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  • Doug Tjapkes

Why the Karen Boes case is important to YOU. And its outcome!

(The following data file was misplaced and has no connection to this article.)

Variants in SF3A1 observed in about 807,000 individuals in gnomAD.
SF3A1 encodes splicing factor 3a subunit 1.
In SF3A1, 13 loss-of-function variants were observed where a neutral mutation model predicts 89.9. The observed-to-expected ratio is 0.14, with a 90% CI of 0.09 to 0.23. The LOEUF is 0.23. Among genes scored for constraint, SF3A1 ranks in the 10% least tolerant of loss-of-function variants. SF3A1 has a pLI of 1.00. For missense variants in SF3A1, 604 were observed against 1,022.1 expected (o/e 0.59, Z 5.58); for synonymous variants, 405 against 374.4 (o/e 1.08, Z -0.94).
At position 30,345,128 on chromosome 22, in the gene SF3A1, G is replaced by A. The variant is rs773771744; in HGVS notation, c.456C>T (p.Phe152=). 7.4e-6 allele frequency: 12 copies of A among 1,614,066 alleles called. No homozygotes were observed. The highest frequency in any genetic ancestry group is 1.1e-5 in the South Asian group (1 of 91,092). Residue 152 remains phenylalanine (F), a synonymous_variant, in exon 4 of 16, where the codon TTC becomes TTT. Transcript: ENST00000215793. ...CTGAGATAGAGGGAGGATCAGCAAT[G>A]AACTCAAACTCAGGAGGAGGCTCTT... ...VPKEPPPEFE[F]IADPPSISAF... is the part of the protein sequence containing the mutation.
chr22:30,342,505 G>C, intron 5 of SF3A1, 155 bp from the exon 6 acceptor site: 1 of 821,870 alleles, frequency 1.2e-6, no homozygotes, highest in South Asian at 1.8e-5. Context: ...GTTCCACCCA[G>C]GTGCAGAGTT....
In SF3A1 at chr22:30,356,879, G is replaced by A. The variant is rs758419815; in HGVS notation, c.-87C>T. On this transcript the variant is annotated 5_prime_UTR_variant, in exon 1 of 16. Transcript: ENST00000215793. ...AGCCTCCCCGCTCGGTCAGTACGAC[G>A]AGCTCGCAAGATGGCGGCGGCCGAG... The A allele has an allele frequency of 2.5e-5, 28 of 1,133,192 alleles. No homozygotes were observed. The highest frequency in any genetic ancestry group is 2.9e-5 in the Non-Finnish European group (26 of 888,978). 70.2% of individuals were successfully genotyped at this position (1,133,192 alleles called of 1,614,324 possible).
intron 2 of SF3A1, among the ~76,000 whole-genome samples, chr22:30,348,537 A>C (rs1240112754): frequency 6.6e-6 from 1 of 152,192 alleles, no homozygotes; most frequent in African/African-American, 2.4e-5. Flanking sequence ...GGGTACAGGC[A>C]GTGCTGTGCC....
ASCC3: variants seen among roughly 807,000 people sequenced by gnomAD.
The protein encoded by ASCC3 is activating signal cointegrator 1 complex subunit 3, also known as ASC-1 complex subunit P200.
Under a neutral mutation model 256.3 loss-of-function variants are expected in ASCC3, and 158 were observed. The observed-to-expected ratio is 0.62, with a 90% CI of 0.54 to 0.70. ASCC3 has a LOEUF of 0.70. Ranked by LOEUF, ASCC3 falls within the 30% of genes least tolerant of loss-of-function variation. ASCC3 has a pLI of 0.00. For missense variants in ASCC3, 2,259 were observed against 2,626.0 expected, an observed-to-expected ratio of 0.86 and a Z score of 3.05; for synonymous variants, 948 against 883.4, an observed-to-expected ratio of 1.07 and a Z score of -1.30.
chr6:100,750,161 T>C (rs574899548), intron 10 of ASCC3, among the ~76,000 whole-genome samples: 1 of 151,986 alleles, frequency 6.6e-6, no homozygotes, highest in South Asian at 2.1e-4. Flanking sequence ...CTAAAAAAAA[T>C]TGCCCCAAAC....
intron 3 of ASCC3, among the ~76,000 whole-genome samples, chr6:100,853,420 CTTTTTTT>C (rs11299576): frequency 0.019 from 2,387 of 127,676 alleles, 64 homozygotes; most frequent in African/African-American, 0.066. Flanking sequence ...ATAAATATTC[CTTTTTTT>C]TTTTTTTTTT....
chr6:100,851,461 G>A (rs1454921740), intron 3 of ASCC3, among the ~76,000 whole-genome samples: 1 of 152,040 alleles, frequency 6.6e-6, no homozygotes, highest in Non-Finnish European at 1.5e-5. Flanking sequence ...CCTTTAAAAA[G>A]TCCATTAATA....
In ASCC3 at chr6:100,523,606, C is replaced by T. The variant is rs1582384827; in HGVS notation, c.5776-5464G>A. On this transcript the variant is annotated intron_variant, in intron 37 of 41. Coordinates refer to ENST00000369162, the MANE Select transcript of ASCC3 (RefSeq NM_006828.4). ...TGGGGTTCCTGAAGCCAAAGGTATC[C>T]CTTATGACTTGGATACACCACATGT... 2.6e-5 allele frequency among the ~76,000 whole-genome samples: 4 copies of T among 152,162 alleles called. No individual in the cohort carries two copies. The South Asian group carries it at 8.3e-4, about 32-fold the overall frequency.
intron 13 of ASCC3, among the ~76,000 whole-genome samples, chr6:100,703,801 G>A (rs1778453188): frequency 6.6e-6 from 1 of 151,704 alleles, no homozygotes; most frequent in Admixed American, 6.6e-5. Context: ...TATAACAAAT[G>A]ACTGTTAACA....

You’ll be hearing and reading a lot about Karen Boes in the next few days. She’s the woman from Zeeland who was convicted of first-degree murder in the fiery death of her 14-year-old daughter. The state claims she set the fire. I know that the issue of race is a factor when it comes to wrongful convictions. It’s no secret that many cases involve indigent, Black people...and that’s rotten. But Karen is a White person, living in lily-white southern Ottawa County...and she wasn’t poor. That’s why you must pay attention to this case. I keep hammering on this! It’s no stretch of the imagination to say that YOU could be a victim someday. I can rattle off numerous names of prominent people---White, middle to upper-class people---who were wrongly convicted. A business person, a doctor, a lawyer, a teacher, even a cop! The Michigan Innocence Clinic is asking Ottawa County Circuit Court to grant Karen a new trial, and you’ll want to keep an eye on this. You see, the Assistant Prosecutor who obtained Karen’s conviction in 2003 was Jon Hulsing, who is now a judge in the very same circuit court. You think she’ll get a fair shake? Nearly every judge in our county has served earlier in the Prosecutor’s Office. I don’t like that, but it’s what we have. When you get a chance read Karen’s story in The Daily Beast. I thought the case stunk back then, and I still think so. The Innocence Clinic claims to have proof that junk science was used to convict Karen, and based on new and better science today, it contends that a jury never would have found her guilty. I’m not as generous with my opinion. Here's my position. The state new darn well that it was using junk science back then. And it is my contention that if a Prosecutor uses unethical methods to rob an innocent woman of 20 years of her life, that is a crime. That Prosecutor should be charged! Prosecutorial misconduct is a major reason for wrongful convictions. Sadly, Prosecutors are immune. I don’t see any quick answers to the problem. Some say, for example, that Prosecutors should be appointed rather than elected. One thing is certain: Prosecutors must be held accountable. Meanwhile, watch Karen’s case. And watch your back!

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